Translucent Overlays

26 Nov

caligo ghost 1

I’ve been experimenting with Gelli Art gelatine plates for printmaking again. This time I used Caligo Safewash oil-based printing inks mixed with extender to make them translucent and overlaid the monotype three times, once in Process Yellow, then Process magenta and finally Process Cyan. I’ll explain the process in tomorrow’s blog. This is one of the pieces that I liked best, it is delicate and the overlays have produced so many subtle colours. I’m trying out this process to see if it will produce interesting papers for collage.

 

 

Letting People Play

30 Oct

tree cat

I’m working for a charity that supports very vulnerable people, running arts and craft sessions. I work in different venues across the city and I tailor the sessions to suit them and their clients. This evening was about letting people play. It wasn’t a formal session aiming to teach fine arts or enabling people to turn out a well-crafted item, but a chance to just mess around and have a bit of fun.

 

 

I took some lovely chine collé tissue papers made from recycled saris and a couple of boxes of stamps, the ones that kids use, and an ink pad. I encouraged people to try stamping the tissues repetitively to make a pattern and / or to overlay them to get a pictorial effect.

 

 

Then we put them into little ready-made mounts which set them off nicely. Quick, cheap, easy and fun. People need to play and those living in dire circumstances often don’t get that chance. Providing a safe space for arts and crafts can give them the opportunity.

Testing Testing One Two Three

29 Oct
SOB7

The final layered print

I tried out a new printmaking technique today, gel printing with a commercial Gelli plate. It’s part of the equipment I’ve been given for my part-time job running art sessions with people who are homeless and insecurely housed. The instructions just said to use paper and acrylic paint but were no more specific than that so I wanted to try out some of the different acrylic media I have hanging around to see which worked best. First off, water-based printing inks from Seawhite of Brighton. The inks blended well on the plate, took the textures I pressed into them, printed easily onto a basic Daler Rowney cartridge paper (90gms) and cleaned up really well. I used baby wipes on the gel plate and warm water on the roller. Easy peasy.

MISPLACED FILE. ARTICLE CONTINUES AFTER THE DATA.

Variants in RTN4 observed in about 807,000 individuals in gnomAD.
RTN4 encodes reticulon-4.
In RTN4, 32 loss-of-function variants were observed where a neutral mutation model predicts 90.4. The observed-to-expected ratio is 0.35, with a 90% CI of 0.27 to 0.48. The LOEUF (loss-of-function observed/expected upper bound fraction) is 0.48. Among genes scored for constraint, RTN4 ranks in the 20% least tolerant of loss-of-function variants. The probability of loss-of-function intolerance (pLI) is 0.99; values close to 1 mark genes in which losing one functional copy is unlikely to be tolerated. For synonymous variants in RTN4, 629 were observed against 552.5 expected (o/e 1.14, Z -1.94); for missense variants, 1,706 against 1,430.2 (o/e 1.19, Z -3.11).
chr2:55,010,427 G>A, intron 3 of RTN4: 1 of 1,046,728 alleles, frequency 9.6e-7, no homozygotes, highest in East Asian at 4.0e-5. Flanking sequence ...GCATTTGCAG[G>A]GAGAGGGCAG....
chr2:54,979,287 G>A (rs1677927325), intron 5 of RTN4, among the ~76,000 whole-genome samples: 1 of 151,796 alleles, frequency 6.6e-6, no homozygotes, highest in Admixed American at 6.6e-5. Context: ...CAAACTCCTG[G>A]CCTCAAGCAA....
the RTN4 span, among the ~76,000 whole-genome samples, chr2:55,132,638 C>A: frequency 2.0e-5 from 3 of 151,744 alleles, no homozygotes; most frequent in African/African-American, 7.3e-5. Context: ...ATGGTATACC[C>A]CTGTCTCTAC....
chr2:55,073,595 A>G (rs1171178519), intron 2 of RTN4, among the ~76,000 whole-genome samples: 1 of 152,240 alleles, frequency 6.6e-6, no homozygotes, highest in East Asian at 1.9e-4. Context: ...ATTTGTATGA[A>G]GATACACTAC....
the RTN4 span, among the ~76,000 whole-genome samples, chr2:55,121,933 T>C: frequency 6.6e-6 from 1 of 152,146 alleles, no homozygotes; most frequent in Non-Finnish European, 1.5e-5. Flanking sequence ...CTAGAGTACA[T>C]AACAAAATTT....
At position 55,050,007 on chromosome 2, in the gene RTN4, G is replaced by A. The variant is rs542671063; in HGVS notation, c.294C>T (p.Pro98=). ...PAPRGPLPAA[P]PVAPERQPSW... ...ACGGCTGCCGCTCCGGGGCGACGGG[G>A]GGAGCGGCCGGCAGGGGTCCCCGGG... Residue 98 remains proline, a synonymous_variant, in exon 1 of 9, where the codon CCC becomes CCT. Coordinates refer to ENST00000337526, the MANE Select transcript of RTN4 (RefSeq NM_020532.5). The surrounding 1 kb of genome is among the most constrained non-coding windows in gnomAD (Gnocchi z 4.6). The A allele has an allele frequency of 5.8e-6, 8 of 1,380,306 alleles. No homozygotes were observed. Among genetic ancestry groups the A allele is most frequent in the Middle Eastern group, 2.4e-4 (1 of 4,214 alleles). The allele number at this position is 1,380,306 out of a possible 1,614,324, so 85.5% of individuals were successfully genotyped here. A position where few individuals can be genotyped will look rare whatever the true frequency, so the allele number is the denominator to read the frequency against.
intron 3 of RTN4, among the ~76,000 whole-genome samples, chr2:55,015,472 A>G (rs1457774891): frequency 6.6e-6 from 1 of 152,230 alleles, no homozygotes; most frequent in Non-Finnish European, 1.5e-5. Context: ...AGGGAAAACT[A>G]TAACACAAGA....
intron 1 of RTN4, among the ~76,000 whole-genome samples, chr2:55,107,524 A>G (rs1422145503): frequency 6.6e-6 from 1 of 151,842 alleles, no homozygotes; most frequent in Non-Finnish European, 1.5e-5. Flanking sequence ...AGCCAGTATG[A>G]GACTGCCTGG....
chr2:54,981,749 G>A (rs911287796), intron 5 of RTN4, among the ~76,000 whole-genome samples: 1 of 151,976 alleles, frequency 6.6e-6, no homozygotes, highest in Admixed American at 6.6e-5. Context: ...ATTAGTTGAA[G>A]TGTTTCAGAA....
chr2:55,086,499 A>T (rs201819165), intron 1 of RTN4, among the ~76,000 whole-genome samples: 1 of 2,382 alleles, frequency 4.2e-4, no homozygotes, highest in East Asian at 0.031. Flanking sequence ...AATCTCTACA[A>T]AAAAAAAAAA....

I also tried the process with two other acrylic media, Liquitex acrylic inks and Winsor & Newton’s Galeria acrylic paints.

SOB8

 

The Liquitex inks were too runny for this process and smeared rather than rolled across the plate. They didn’t take the texturing well and quite a bit of ink was left on the plate afterwards. It’s a pity because the colours are gorgeous. The makers recommend trying a heavier Liquitex paint.

 

Lastly, I used the Winsor & Newton acrylic paints. They felt quite dry while I was rollering them onto the Gelli plate but they seemed to take the textures well. However, the inks didn’t transfer well to the paper, they dried out very quickly and I had trouble cleaning the roller.

SOB9

The results are okay for a first session. I’m used to doing monotypes onto a hard perspex (plexiglass) surface and I’m not sure whether I would use this technique for my own printmaking, but I need to do more experiments. I can see me using this technique to produce collage papers though. Next time, I think I’ll try with my Caligo Easywash inks and Liquitex Heavy Body acrylic. I’ll let you know …..